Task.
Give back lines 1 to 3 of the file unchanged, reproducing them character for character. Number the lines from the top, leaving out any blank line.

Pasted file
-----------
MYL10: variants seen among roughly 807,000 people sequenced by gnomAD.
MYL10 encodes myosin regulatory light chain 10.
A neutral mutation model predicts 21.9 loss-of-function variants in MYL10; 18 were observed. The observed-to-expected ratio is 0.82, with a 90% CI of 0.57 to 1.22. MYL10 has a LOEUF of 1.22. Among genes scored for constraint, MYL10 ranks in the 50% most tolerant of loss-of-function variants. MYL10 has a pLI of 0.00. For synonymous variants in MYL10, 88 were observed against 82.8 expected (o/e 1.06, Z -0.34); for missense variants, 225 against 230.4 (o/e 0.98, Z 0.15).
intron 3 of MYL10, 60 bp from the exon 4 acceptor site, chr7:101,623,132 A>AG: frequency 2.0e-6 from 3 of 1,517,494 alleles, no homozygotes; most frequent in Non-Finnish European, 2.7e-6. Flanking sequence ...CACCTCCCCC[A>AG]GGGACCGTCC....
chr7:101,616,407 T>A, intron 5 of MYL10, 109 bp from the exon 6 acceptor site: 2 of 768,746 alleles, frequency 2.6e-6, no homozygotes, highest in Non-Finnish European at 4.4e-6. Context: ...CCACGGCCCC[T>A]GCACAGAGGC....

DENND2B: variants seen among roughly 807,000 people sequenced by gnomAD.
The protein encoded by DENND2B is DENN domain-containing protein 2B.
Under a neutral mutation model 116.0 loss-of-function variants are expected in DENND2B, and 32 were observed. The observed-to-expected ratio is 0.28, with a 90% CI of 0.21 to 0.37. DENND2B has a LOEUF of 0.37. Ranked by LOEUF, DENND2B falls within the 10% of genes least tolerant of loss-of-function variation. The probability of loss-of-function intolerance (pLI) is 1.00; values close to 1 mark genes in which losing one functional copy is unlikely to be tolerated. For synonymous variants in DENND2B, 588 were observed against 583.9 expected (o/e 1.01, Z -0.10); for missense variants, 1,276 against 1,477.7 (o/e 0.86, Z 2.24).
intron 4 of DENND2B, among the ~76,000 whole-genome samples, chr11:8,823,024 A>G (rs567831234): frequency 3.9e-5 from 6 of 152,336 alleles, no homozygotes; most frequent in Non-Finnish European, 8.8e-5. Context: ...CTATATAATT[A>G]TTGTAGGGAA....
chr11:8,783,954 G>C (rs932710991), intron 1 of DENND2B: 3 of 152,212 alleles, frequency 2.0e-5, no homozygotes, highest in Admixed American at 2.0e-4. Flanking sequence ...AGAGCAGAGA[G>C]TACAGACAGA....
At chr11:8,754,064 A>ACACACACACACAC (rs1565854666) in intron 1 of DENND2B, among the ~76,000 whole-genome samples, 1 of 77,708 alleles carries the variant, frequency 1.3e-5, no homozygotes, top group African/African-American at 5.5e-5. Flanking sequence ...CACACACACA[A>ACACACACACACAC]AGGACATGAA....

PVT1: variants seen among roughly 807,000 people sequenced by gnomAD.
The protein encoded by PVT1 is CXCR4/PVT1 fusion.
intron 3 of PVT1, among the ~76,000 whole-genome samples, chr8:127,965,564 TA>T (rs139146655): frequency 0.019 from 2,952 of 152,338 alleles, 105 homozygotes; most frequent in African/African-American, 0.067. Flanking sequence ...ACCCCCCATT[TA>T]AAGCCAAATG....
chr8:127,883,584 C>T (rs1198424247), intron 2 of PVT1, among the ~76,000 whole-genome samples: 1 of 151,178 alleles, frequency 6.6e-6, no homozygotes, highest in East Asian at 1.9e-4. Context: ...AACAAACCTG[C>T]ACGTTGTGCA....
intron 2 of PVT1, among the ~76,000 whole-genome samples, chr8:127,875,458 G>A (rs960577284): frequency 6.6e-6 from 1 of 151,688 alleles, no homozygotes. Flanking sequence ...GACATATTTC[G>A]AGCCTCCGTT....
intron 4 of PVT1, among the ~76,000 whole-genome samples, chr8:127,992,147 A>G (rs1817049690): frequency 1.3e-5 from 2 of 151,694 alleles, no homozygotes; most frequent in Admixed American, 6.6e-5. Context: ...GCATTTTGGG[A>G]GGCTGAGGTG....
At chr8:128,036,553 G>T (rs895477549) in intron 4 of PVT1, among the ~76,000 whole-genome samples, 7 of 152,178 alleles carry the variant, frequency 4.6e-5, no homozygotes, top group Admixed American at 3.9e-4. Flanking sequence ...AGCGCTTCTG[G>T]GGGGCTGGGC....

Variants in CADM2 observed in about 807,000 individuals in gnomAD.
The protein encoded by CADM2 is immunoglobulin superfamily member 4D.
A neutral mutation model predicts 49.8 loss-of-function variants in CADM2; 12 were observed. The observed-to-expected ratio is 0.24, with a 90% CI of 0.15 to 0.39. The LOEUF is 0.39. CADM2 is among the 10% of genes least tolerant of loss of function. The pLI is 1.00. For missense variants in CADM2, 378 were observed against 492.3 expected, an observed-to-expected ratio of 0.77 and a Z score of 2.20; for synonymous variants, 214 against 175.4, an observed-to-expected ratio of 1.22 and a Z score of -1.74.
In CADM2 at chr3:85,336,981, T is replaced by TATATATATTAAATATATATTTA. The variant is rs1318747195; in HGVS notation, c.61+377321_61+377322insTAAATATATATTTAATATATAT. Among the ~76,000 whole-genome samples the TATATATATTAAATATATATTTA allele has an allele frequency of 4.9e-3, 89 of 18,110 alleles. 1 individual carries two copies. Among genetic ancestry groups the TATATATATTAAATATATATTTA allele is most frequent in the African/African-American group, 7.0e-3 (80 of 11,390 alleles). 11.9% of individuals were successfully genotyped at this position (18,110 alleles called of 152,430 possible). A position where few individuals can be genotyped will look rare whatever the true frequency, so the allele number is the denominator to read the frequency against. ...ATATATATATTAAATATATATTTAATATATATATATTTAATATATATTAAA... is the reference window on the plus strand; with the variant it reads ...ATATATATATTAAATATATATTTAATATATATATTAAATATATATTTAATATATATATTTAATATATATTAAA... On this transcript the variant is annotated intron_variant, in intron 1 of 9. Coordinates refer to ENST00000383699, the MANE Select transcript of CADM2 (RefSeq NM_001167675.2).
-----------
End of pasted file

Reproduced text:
MYL10: variants seen among roughly 807,000 people sequenced by gnomAD.
MYL10 encodes myosin regulatory light chain 10.
A neutral mutation model predicts 21.9 loss-of-function variants in MYL10; 18 were observed. The observed-to-expected ratio is 0.82, with a 90% CI of 0.57 to 1.22. MYL10 has a LOEUF of 1.22. Among genes scored for constraint, MYL10 ranks in the 50% most tolerant of loss-of-function variants. MYL10 has a pLI of 0.00. For synonymous variants in MYL10, 88 were observed against 82.8 expected (o/e 1.06, Z -0.34); for missense variants, 225 against 230.4 (o/e 0.98, Z 0.15).